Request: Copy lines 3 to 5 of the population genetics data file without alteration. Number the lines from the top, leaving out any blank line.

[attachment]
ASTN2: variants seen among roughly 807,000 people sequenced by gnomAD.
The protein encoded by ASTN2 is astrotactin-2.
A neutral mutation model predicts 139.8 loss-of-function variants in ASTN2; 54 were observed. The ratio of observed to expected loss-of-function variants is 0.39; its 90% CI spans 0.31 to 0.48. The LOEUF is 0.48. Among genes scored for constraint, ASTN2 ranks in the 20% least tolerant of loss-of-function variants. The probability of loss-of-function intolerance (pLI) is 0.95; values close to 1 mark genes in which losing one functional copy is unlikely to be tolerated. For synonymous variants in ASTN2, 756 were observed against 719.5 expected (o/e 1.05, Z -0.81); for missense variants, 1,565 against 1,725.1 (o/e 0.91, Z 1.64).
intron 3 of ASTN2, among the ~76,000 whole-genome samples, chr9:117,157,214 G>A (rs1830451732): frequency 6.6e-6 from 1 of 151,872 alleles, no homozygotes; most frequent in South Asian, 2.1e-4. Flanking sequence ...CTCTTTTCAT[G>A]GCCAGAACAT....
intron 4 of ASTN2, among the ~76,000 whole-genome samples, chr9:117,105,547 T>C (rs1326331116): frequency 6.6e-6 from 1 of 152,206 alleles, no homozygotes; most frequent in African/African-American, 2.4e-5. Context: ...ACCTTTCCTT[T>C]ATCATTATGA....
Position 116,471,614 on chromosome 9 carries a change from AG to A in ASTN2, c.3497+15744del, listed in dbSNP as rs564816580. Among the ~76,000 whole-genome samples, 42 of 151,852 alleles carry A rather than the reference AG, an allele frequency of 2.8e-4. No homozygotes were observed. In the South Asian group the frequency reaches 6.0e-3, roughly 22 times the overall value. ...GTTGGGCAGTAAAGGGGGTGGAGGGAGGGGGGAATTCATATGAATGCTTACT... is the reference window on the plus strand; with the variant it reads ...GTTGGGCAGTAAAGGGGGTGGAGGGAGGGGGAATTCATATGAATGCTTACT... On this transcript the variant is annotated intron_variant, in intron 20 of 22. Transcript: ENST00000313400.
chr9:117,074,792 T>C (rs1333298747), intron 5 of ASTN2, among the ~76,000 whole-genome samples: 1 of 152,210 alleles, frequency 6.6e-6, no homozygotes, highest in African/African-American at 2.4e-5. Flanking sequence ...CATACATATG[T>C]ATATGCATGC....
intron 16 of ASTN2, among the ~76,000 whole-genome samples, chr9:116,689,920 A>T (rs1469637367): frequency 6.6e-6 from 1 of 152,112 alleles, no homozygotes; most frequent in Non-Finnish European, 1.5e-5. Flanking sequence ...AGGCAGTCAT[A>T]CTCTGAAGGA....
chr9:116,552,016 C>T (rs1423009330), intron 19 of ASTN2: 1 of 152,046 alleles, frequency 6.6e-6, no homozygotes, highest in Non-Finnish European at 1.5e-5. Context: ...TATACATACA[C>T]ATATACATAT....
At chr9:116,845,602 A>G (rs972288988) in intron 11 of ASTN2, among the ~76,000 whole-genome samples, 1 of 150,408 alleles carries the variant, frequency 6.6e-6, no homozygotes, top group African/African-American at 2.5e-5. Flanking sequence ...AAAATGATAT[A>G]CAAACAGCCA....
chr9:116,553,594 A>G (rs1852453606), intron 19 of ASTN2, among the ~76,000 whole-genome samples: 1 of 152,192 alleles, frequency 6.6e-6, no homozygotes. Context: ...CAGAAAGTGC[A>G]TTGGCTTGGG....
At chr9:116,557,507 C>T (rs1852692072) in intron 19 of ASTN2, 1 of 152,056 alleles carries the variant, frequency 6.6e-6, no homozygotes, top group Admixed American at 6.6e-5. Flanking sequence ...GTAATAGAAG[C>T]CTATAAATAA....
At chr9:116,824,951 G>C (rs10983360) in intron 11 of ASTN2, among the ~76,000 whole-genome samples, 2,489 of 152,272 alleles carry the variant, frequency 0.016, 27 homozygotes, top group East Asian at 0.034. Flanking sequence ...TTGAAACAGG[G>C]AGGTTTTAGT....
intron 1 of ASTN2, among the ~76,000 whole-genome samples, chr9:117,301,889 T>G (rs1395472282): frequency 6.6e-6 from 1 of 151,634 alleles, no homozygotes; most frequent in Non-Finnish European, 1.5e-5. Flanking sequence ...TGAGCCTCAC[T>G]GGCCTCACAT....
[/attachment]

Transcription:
A neutral mutation model predicts 139.8 loss-of-function variants in ASTN2; 54 were observed. The ratio of observed to expected loss-of-function variants is 0.39; its 90% CI spans 0.31 to 0.48. The LOEUF is 0.48. Among genes scored for constraint, ASTN2 ranks in the 20% least tolerant of loss-of-function variants. The probability of loss-of-function intolerance (pLI) is 0.95; values close to 1 mark genes in which losing one functional copy is unlikely to be tolerated. For synonymous variants in ASTN2, 756 were observed against 719.5 expected (o/e 1.05, Z -0.81); for missense variants, 1,565 against 1,725.1 (o/e 0.91, Z 1.64).
intron 3 of ASTN2, among the ~76,000 whole-genome samples, chr9:117,157,214 G>A (rs1830451732): frequency 6.6e-6 from 1 of 151,872 alleles, no homozygotes; most frequent in South Asian, 2.1e-4. Flanking sequence ...CTCTTTTCAT[G>A]GCCAGAACAT....
intron 4 of ASTN2, among the ~76,000 whole-genome samples, chr9:117,105,547 T>C (rs1326331116): frequency 6.6e-6 from 1 of 152,206 alleles, no homozygotes; most frequent in African/African-American, 2.4e-5. Context: ...ACCTTTCCTT[T>C]ATCATTATGA....